Finally, I want to close with a few notes. We always enjoy fresh perspective. If you had more to say, or you missed us during our time and you want to start a conversation, leave a comment in the comment section! If you don’t want to comment here, then drop us a line in my email. We’d love to hear from you.

Until next time, remember: Cloud Foundry, Open Source, The Way. #DellEMCDojo.

Building a healthy Concourse CI pipeline for Bosh deployed products

The Cloudfoundry Diego Persistence team recently spent a fair amount of time and effort building and refactoring the CI pipeline for our Ceph filesystem, volume driver, and service broker.  The end state from this exercise, while not perfect, is nonetheless pretty darn good:  It deploys Cloudfoundry, Diego, and a Cephfs cluster, along with our volume driver and service broker.  It runs our code through unit tests, certification tests, and acceptance tests.  It keeps our deployment up to date with the latest releases of CloudFoundry and the latest development branch changes to Diego.  It does all of this with minimal rework or delay; changes in our driver/broker bosh release typically flow through the pipeline in about 10 minutes.  

But our first attempt at creating the pipeline did not work very well or very quickly, so we thought it would be worth documenting our initial assumptions, what was wrong about them, some of what we learned while fixing them.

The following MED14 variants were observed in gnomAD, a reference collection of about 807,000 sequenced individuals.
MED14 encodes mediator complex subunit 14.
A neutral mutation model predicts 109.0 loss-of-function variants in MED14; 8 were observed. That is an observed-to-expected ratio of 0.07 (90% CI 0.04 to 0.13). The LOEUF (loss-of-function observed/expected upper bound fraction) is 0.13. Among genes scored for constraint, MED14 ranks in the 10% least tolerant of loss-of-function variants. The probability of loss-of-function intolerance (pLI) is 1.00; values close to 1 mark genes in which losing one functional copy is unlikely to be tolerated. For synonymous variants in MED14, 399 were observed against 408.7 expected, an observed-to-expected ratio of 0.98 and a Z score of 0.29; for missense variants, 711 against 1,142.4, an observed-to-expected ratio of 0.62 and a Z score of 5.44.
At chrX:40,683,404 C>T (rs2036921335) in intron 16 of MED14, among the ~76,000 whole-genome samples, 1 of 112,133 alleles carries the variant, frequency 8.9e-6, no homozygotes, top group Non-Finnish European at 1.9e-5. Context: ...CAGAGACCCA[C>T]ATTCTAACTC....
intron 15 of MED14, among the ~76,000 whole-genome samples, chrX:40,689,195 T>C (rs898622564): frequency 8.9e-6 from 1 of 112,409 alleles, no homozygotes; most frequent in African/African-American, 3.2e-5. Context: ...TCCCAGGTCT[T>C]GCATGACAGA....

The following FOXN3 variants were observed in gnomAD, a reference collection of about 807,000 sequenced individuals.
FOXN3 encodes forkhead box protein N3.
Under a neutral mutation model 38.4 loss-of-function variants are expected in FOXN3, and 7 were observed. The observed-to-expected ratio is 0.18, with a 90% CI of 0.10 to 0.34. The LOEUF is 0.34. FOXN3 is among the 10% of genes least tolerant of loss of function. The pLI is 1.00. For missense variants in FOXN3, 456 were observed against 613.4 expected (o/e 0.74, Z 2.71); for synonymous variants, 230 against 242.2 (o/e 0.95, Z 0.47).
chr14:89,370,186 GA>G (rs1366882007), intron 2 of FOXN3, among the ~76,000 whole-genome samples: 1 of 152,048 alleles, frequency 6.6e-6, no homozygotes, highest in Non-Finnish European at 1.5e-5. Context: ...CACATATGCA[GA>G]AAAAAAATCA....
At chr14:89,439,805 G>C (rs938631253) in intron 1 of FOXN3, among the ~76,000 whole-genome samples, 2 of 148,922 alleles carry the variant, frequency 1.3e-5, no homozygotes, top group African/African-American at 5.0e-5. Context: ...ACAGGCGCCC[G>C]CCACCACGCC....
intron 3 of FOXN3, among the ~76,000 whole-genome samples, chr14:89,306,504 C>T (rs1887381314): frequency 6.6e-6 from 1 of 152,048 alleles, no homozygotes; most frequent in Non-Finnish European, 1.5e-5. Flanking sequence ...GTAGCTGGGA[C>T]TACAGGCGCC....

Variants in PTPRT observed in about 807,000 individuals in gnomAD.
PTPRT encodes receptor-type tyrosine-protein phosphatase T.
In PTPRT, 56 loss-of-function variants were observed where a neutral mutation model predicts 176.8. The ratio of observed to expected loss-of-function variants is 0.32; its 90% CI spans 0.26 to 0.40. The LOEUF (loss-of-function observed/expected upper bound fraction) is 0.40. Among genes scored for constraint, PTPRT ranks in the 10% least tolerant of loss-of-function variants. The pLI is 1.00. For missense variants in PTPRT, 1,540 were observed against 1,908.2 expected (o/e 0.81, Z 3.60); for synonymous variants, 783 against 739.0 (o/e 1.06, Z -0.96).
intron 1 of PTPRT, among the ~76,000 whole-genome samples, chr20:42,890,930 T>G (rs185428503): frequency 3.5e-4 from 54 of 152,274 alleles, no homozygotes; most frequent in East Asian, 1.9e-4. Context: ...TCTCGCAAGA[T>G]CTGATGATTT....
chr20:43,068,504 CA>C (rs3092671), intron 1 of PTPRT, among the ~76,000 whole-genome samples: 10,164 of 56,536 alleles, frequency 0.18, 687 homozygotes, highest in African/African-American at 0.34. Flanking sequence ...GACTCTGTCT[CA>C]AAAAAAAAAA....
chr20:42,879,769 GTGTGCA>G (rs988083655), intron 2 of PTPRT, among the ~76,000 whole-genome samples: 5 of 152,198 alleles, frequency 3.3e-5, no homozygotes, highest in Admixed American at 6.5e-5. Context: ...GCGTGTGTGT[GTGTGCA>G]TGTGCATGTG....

Our First Stab at It

We started with a set of assumptions about what we could run quickly and what would run slowly, and we tried to organize our pipeline around those assumptions to make sure that the quick stuff didn’t get blocked by the slow stuff.

Assumptions:

  • Cephfs cluster deployment is slow–it requires us to apt-get a largish list of parts and then provision a cluster.  This can take 20-30 minutes.
  • Since cluster deployment is slow, and we share a bosh release for the cephfs bosh job and our driver and broker bosh jobs, we should only trigger cephfs deployment nightly when nobody is waiting–we shouldn’t trigger it when our bosh release is updated.
  • Redeploying Cephfs is not safe–to make sure that it stays in a clean state, we should undeploy it before deploying it again.